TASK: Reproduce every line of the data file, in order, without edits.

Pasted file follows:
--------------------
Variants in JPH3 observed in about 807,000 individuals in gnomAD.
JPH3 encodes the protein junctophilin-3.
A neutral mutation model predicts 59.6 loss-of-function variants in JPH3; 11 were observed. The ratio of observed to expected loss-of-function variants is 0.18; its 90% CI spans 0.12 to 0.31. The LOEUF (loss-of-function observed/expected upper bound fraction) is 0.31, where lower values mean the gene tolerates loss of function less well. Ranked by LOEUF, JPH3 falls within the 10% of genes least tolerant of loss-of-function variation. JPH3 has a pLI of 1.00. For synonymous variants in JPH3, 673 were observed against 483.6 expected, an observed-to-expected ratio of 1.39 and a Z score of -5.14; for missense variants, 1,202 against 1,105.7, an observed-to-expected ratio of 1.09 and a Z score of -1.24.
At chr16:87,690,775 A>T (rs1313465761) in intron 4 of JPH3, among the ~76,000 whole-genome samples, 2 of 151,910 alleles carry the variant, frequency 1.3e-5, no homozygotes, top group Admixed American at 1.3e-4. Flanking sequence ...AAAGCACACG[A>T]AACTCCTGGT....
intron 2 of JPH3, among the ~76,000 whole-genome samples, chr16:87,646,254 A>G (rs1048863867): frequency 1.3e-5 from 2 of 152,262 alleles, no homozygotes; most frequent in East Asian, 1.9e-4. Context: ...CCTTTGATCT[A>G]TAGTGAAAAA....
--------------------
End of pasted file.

Variants in JPH3 observed in about 807,000 individuals in gnomAD.
JPH3 encodes the protein junctophilin-3.
A neutral mutation model predicts 59.6 loss-of-function variants in JPH3; 11 were observed. The ratio of observed to expected loss-of-function variants is 0.18; its 90% CI spans 0.12 to 0.31. The LOEUF (loss-of-function observed/expected upper bound fraction) is 0.31, where lower values mean the gene tolerates loss of function less well. Ranked by LOEUF, JPH3 falls within the 10% of genes least tolerant of loss-of-function variation. JPH3 has a pLI of 1.00. For synonymous variants in JPH3, 673 were observed against 483.6 expected, an observed-to-expected ratio of 1.39 and a Z score of -5.14; for missense variants, 1,202 against 1,105.7, an observed-to-expected ratio of 1.09 and a Z score of -1.24.
At chr16:87,690,775 A>T (rs1313465761) in intron 4 of JPH3, among the ~76,000 whole-genome samples, 2 of 151,910 alleles carry the variant, frequency 1.3e-5, no homozygotes, top group Admixed American at 1.3e-4. Flanking sequence ...AAAGCACACG[A>T]AACTCCTGGT....
intron 2 of JPH3, among the ~76,000 whole-genome samples, chr16:87,646,254 A>G (rs1048863867): frequency 1.3e-5 from 2 of 152,262 alleles, no homozygotes; most frequent in East Asian, 1.9e-4. Context: ...CCTTTGATCT[A>G]TAGTGAAAAA....